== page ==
"The Bible" as we know it wasn't even remotely written all at once. In fact, it wasn't until well after the last events of the Bible that it was even compiled into something resembling what we have today. Even if you accept that some or all of its constituent texts were written under inspiration of God (I do), you have to understand that it was manually transcribed many hundreds of times between its original writing and its first printing-press edition. Imagine rewriting the five books of Moses by hand, then handing it off your your friend who does it from your copy, and so on for every one of your hundreds of Facebook friends. Now imagine that 90% of them don't speak your language natively. Now hope that none of them get bitter and intentionally mess it up... How well would the last copy resemble the original? Hopefully the message would be about the same, mostly, but you've got to understand that this book wasn't teleported down from on high in the King James (or New International, or whatever) Version.
Absolutely, positively, yes. Who do you think designs the runtimes for C# and Java? Or works on kernels for existing or new operating systems? Or writes the code for robotics or space probes that have to make guarantees about timing? Or writes drivers for new hardware?
Even if you're working on an application, like Photoshop, sometimes performance really does matter. Do you know how to optimize a filter's execution against a 250MB image in memory? Do you know how the L1 and L2 caches operate? How common paging mechanisms operate? How spatial and temporal coherence affect all of those systems? Such knowledge can make a common operation like an image filter run an order of magnitude faster.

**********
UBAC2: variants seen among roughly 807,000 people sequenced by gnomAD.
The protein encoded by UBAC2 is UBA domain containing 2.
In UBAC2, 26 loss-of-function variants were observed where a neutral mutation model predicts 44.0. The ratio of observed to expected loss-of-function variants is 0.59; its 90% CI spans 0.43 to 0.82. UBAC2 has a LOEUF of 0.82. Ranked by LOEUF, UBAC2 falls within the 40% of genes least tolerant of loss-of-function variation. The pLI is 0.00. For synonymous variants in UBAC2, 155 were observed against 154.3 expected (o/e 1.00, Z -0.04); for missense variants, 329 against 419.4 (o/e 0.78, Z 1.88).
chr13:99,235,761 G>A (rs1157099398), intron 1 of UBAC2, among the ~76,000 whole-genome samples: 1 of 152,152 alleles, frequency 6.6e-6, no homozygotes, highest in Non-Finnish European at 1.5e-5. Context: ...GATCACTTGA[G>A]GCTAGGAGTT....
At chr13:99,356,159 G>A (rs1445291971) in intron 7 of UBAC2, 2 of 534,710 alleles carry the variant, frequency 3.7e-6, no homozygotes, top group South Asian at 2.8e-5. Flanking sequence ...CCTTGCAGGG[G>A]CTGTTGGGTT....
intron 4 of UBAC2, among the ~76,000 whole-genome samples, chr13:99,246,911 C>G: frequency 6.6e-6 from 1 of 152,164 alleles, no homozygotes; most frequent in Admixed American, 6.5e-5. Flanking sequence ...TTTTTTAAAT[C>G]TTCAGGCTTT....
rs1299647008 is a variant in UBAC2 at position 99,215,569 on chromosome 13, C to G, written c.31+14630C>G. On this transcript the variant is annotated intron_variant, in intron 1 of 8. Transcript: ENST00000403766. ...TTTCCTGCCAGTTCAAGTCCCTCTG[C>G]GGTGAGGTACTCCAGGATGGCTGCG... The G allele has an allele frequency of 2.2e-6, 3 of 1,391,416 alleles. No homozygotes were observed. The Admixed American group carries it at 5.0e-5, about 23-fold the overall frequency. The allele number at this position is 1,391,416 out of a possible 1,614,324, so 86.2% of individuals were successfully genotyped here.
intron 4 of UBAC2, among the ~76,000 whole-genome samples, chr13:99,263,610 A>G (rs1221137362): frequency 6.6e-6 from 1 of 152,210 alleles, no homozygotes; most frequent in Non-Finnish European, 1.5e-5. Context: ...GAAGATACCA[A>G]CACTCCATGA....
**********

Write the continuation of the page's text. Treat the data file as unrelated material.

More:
The site layout breaks when it's narrower than about 1200 pixels wide, which is wider than I usually keep my web browser. Usually about 960px wide is right for me, though I'm not sure how common that is for other people.
Also, I like the idea of letting you sign on with Facebook/Twitter. But I'd absolutely love to be able to do single sign-on with my Gmail account. I've implemented this myself for LucidChart (see sig), and I'd be more than happy to point you guys in the right direction or even write a little code to get it done. Of course, I'd want you to notice that I already have an existing account with my gmail address and just log me into the right account, rather than creating a new empty one for my Gmail account.
Is it just me, or is the :hover color on the top menu ('home', 'features', etc) white, therefore making the text invisible when you hover over them?
When I'm not logged in, the Reply button on a thread is disabled, with no login (or register) button nearby.
Currently it looks something like this: